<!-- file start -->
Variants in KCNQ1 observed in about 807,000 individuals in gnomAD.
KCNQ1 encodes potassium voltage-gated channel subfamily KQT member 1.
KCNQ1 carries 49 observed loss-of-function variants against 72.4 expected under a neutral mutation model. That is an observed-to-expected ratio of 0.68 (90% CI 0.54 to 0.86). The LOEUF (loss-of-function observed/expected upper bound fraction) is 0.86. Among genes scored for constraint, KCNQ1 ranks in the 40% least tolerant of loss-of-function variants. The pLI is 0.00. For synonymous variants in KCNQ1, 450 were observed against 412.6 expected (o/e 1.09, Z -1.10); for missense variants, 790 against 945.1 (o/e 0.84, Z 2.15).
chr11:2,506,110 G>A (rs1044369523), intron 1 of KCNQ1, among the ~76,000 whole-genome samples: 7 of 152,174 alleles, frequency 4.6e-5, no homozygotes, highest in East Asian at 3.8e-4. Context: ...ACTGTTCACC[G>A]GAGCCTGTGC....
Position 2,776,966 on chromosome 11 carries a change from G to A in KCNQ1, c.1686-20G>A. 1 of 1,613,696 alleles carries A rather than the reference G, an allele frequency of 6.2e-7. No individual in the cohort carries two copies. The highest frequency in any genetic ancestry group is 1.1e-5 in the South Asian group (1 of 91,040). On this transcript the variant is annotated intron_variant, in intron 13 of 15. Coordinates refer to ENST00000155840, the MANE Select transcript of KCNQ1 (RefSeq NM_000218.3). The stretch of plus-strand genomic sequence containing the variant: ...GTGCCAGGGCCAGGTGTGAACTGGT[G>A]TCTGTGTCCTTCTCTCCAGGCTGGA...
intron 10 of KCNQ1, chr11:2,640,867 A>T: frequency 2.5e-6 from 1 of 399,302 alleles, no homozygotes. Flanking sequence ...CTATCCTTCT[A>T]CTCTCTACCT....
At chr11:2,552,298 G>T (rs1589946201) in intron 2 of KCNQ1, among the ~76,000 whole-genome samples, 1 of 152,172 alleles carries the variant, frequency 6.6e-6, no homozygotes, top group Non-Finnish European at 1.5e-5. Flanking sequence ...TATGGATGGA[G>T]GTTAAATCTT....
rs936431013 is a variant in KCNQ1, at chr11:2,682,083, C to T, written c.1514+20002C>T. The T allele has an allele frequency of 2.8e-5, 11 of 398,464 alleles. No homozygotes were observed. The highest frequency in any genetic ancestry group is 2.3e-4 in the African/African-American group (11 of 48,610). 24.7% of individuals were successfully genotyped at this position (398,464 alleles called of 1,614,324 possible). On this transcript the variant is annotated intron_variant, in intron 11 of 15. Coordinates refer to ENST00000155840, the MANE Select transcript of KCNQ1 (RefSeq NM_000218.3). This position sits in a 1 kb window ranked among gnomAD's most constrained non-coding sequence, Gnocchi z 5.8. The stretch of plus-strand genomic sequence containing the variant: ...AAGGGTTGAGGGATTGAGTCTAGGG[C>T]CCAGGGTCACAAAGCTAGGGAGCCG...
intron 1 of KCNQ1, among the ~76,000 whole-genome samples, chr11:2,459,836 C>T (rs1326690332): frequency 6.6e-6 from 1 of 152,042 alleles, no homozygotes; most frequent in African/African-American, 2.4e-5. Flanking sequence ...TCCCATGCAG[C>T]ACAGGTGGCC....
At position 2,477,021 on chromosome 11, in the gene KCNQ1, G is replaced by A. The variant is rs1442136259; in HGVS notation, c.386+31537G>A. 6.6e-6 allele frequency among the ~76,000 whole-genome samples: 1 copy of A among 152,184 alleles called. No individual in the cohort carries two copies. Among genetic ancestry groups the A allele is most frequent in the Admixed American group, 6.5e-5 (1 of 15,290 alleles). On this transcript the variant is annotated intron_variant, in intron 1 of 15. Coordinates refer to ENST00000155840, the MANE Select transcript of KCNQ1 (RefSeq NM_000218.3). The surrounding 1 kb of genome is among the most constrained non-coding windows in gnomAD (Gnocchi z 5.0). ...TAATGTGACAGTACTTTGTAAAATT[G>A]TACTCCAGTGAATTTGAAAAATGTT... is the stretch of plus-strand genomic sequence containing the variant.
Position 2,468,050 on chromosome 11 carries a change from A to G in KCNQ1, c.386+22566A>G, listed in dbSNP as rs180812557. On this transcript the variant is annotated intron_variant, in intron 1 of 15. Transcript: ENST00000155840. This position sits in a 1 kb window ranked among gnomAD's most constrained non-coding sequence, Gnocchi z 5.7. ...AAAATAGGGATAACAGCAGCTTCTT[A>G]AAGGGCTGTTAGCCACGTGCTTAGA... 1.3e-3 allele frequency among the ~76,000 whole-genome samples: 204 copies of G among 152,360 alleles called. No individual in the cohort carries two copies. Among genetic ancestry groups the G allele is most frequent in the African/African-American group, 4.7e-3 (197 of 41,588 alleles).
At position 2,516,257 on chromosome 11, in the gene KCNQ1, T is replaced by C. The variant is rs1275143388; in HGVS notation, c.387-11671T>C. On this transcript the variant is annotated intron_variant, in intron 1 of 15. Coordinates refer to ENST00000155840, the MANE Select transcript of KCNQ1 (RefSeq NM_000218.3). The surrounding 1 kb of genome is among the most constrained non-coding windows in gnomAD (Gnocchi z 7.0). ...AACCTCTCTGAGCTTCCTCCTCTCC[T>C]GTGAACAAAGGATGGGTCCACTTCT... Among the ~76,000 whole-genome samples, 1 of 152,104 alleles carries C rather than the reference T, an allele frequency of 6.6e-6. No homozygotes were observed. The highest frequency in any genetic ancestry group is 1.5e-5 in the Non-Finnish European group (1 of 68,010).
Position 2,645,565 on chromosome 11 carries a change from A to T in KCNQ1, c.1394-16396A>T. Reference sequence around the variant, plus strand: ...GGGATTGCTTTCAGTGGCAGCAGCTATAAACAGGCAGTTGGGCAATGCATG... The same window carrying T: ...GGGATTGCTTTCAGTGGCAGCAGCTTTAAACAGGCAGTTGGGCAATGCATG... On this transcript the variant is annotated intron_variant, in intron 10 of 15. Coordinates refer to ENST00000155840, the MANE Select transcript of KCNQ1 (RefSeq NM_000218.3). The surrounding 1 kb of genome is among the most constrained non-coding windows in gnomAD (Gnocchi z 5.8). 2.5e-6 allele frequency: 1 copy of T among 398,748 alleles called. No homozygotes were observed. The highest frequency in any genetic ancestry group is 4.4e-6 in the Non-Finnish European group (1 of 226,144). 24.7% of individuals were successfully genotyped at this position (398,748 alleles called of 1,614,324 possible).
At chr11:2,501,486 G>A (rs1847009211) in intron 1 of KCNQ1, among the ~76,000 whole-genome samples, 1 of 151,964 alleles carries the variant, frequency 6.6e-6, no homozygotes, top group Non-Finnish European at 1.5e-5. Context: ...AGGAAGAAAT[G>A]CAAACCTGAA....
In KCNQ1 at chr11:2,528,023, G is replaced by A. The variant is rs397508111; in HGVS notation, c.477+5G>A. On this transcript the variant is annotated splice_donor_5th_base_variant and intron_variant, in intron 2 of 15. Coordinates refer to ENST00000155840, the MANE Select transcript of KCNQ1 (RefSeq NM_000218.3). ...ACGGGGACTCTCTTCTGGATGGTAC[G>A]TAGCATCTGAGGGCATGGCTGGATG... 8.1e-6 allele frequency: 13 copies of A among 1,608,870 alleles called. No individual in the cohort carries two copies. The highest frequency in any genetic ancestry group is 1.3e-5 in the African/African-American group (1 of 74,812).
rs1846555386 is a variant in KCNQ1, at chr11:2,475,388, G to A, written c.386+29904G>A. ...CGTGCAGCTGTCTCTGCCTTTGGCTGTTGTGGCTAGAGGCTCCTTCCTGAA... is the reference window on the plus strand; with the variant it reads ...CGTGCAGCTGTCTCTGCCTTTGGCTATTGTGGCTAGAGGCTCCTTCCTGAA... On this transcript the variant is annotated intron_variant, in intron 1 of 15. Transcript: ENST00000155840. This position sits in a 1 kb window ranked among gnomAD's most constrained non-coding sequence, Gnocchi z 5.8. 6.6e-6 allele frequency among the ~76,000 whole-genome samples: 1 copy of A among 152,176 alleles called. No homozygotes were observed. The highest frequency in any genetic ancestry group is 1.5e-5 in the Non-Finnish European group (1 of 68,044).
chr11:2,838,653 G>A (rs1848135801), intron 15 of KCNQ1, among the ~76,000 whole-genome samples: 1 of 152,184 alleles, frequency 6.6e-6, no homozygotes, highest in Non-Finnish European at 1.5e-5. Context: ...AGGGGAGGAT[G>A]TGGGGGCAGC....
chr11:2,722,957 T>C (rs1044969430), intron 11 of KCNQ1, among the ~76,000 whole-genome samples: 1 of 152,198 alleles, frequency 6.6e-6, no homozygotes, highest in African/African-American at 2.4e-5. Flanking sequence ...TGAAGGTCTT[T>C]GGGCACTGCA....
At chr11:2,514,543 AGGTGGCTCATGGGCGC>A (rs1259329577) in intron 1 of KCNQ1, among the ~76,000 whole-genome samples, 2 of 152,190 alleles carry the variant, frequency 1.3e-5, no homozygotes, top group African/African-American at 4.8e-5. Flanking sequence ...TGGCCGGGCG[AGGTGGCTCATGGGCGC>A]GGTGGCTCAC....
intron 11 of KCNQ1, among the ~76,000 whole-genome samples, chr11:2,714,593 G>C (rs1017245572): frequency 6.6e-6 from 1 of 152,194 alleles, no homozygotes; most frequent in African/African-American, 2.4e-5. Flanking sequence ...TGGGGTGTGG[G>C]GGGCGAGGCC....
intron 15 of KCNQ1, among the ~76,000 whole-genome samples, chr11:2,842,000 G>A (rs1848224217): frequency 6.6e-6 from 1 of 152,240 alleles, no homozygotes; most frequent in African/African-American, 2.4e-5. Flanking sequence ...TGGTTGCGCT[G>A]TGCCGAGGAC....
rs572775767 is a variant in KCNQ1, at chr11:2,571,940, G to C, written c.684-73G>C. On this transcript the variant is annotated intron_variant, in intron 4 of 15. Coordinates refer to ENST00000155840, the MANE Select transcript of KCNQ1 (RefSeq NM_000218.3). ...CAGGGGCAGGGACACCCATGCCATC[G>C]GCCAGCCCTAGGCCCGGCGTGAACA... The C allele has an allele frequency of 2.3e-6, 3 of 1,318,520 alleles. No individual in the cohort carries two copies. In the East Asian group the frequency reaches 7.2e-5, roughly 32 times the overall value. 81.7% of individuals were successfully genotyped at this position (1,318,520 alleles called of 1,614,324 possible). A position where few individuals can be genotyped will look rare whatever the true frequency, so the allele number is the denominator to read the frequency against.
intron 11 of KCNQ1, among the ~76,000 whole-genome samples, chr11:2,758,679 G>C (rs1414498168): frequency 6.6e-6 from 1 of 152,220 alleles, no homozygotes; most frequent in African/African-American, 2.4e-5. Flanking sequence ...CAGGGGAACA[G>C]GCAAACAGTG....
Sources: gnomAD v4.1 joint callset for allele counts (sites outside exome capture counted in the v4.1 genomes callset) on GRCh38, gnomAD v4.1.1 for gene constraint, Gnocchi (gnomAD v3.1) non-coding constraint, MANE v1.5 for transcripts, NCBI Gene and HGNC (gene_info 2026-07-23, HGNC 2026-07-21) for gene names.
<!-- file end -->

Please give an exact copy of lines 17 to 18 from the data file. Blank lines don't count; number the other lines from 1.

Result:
chr11:2,838,653 G>A (rs1848135801), intron 15 of KCNQ1, among the ~76,000 whole-genome samples: 1 of 152,184 alleles, frequency 6.6e-6, no homozygotes, highest in Non-Finnish European at 1.5e-5. Context: ...AGGGGAGGAT[G>A]TGGGGGCAGC....
chr11:2,722,957 T>C (rs1044969430), intron 11 of KCNQ1, among the ~76,000 whole-genome samples: 1 of 152,198 alleles, frequency 6.6e-6, no homozygotes, highest in African/African-American at 2.4e-5. Flanking sequence ...TGAAGGTCTT[T>C]GGGCACTGCA....